MANILA — After eating sisig, kare-kare, adobo and sinigang, the son of the Duchess of Cornwall Camilla Parker Bowles, Tom Parker Bowles, raved about Filipino dishes in an article he wrote for a magazine in the United Kingdom.

Bowles, food editor of Esquire magazine, visited Manila recently to have a taste of Philippine cuisine.

He also dined with former First Lady Imelda Marcos who, he said, was “clever, funny and charming.”

In the article titled “Anyone for Filipino?” in Esquire’s Aug. 11, 2011 issue, Parker Bowles talked about dishes he enjoyed in Pampanga and Manila, food ingredients such as sili, bawang, sibuyas and calamansi, and heirloom recipés.

He also gave recipés of Pampanga’s crunchy sisig and Manila’s adobong manok.

He also found delight in balut, which most, if not all, foreigners dread eating.

“Street food is not a big draw here, certainly when compared to Thailand or Vietnam. But then, there’s balut, the pavement equivalent of Animal Farm, the porno version you saw as a teenager on grainy VHS. It’s a fertilized duck egg, complete with embryo,” he wrote.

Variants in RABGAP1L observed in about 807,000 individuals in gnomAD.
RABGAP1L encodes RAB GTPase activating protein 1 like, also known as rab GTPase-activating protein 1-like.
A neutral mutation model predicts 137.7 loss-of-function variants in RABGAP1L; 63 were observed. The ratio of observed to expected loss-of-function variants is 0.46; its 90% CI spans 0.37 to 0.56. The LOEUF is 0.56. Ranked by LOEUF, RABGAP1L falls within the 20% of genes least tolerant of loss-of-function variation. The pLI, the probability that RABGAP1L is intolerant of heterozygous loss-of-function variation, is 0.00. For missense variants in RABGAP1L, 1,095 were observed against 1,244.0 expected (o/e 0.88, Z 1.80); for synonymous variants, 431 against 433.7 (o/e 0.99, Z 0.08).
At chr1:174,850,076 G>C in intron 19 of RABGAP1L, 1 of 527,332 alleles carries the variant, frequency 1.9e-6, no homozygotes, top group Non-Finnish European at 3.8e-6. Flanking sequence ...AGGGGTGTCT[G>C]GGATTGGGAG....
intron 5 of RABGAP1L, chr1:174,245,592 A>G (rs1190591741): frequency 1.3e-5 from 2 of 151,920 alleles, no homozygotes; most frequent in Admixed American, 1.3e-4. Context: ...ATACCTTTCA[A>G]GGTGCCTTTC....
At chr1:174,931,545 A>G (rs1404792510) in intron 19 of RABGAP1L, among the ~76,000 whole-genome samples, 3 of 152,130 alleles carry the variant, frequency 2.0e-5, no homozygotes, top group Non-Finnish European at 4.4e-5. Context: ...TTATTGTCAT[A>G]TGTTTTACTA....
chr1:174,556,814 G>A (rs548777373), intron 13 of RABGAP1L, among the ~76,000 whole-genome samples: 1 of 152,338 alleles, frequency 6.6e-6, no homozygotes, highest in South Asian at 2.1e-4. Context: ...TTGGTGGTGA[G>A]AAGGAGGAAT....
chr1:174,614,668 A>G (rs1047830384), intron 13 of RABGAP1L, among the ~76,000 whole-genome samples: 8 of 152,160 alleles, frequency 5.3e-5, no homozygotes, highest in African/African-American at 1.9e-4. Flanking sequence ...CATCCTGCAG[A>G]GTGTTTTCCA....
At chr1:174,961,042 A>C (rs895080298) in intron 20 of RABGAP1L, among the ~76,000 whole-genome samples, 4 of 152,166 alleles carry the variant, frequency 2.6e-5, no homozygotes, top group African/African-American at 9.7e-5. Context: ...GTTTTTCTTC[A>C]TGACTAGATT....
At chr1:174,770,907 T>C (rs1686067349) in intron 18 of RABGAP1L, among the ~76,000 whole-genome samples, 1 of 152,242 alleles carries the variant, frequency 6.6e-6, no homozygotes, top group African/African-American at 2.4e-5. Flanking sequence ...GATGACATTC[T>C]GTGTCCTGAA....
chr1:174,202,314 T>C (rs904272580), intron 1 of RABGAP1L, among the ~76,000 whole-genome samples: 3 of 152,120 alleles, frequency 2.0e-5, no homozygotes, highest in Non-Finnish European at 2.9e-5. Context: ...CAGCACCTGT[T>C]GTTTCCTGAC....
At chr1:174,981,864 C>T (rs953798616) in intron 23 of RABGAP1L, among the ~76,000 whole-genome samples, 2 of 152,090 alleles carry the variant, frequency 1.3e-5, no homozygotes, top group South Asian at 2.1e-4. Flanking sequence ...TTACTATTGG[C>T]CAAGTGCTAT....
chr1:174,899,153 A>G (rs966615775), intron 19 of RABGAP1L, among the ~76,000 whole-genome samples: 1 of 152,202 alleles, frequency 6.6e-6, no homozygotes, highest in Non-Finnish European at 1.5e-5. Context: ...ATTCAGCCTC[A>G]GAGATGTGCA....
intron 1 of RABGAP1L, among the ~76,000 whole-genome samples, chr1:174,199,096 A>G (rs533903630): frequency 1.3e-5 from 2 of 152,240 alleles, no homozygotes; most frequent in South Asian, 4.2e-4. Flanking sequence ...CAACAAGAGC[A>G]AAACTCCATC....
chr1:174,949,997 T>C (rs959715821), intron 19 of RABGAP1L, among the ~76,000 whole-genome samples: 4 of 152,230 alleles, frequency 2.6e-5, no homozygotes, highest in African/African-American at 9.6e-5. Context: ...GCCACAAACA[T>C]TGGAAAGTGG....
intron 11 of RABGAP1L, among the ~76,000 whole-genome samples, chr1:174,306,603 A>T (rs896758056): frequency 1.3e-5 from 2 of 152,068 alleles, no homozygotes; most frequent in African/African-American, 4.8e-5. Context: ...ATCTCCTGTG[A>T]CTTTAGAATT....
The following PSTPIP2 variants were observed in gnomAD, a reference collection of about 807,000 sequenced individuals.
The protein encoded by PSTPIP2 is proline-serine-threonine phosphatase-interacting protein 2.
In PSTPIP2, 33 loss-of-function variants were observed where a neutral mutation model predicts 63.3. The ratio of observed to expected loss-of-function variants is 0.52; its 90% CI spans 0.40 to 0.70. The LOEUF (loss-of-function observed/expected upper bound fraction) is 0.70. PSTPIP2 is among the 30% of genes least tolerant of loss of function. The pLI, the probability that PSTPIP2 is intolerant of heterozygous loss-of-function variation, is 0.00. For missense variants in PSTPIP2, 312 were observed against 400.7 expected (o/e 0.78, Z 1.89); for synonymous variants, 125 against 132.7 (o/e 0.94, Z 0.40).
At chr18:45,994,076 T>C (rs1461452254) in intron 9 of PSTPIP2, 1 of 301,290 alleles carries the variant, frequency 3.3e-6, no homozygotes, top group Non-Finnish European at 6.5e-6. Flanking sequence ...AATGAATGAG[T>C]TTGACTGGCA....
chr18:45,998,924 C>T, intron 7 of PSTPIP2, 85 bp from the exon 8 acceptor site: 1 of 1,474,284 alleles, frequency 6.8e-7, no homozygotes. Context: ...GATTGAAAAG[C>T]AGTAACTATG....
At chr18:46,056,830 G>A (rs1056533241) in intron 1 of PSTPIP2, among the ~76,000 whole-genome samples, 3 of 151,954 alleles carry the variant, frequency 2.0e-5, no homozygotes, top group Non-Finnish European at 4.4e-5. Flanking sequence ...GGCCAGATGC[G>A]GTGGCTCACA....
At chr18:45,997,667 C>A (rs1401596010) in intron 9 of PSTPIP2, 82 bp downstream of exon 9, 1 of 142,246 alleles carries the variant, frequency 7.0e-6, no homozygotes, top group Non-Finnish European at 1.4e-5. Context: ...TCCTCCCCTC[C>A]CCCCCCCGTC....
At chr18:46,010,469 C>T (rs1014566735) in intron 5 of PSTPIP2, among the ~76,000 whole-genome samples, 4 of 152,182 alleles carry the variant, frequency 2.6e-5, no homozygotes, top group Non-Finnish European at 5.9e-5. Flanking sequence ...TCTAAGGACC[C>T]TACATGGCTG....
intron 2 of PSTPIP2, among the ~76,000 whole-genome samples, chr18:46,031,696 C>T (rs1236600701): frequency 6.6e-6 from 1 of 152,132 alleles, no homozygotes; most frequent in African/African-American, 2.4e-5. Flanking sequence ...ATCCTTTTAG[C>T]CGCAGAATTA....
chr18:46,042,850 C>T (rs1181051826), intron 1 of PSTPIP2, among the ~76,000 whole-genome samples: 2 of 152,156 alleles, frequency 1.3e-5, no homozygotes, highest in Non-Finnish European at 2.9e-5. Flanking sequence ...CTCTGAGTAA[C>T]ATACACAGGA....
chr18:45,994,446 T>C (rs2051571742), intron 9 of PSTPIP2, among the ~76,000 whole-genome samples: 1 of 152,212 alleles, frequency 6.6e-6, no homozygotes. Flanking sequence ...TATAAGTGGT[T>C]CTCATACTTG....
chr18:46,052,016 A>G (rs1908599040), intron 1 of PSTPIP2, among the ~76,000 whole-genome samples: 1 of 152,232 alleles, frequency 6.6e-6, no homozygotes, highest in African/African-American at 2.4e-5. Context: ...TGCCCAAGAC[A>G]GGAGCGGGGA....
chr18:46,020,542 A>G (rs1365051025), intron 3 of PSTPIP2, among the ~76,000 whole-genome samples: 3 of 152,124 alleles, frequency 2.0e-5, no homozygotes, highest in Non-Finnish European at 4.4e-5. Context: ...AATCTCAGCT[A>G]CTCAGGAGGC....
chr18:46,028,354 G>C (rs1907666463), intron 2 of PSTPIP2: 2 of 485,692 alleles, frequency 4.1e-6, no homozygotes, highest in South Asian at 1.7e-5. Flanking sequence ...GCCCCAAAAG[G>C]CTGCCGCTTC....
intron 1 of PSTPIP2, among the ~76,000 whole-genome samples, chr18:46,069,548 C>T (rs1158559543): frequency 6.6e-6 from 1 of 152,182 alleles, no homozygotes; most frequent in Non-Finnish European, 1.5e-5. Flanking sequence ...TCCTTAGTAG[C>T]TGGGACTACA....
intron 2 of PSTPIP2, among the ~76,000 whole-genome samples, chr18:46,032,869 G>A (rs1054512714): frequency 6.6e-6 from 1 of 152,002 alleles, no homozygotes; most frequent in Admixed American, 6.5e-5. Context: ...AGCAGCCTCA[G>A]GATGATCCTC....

And finally, there’s lechon, a great shiny roasted pig, he said.

“It’s the finest piece of pigskin I’ve ever eaten. One of the best things I’ve ever tried, full stop. It’s a celebratory dish, but also a very traditional one, eaten before the Spaniards arrived.”

Parker Bowles also praised Filipino food prepared for him by top chefs such as Claude Tayag, Margarita Fores and Juanita Vazquez.

He also toured Market, Market! in Taguig where one can have a taste of food from various regions of the country.

And in his tours, culinary masters and historians Joel Binamira, Ivan Henares and Ivan Man Dy guided him.

“Manila’s a city with a pockmarked face and a horrible limp, a place of erroneous preconceptions. But it has a heart of gold,” Parker Bowles concluded.


Chicken adobo.

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